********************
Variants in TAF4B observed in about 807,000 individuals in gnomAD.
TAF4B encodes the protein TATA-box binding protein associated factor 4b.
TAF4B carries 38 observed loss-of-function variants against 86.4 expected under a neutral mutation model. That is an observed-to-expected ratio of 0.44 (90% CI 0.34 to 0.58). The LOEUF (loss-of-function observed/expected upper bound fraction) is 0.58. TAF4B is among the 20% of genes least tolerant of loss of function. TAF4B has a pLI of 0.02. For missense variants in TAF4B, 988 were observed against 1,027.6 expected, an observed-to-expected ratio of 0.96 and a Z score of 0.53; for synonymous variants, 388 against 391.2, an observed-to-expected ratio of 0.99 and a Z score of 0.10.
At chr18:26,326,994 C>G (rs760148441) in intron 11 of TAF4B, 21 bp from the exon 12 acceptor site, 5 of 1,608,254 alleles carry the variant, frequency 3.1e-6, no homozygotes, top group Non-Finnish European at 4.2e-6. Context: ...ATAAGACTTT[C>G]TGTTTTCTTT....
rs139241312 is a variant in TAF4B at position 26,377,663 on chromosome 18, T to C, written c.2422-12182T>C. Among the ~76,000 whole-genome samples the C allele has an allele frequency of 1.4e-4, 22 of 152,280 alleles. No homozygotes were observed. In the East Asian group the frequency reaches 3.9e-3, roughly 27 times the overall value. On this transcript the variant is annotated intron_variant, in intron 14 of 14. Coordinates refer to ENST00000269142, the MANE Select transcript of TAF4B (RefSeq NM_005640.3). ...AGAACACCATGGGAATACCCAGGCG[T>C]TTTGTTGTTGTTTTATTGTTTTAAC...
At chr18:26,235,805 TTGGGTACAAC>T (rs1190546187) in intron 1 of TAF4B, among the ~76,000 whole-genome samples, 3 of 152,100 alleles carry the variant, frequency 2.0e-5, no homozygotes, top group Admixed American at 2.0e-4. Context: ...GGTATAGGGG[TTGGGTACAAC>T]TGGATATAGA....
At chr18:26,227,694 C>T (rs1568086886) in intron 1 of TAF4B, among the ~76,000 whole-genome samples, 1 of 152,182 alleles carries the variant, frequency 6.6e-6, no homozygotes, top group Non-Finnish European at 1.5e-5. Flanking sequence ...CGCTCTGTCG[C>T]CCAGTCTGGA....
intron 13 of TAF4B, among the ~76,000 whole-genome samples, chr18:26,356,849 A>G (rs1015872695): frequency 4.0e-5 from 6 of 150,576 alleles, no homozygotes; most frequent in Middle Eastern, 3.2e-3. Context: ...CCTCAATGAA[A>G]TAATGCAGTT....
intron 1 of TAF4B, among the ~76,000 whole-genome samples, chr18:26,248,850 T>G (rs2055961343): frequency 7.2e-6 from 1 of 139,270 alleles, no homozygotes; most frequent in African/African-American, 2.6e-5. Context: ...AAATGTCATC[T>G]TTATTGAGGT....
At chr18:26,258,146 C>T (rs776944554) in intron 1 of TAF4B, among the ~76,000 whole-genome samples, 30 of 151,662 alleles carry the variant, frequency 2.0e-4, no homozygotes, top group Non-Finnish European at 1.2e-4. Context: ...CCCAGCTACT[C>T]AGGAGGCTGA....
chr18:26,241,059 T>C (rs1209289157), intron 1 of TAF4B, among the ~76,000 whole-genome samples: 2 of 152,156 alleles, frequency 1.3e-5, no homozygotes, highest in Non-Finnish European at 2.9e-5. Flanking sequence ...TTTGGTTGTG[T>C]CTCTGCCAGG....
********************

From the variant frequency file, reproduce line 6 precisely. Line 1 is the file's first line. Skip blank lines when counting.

At chr18:26,235,805 TTGGGTACAAC>T (rs1190546187) in intron 1 of TAF4B, among the ~76,000 whole-genome samples, 3 of 152,100 alleles carry the variant, frequency 2.0e-5, no homozygotes, top group Admixed American at 2.0e-4. Context: ...GGTATAGGGG[TTGGGTACAAC>T]TGGATATAGA....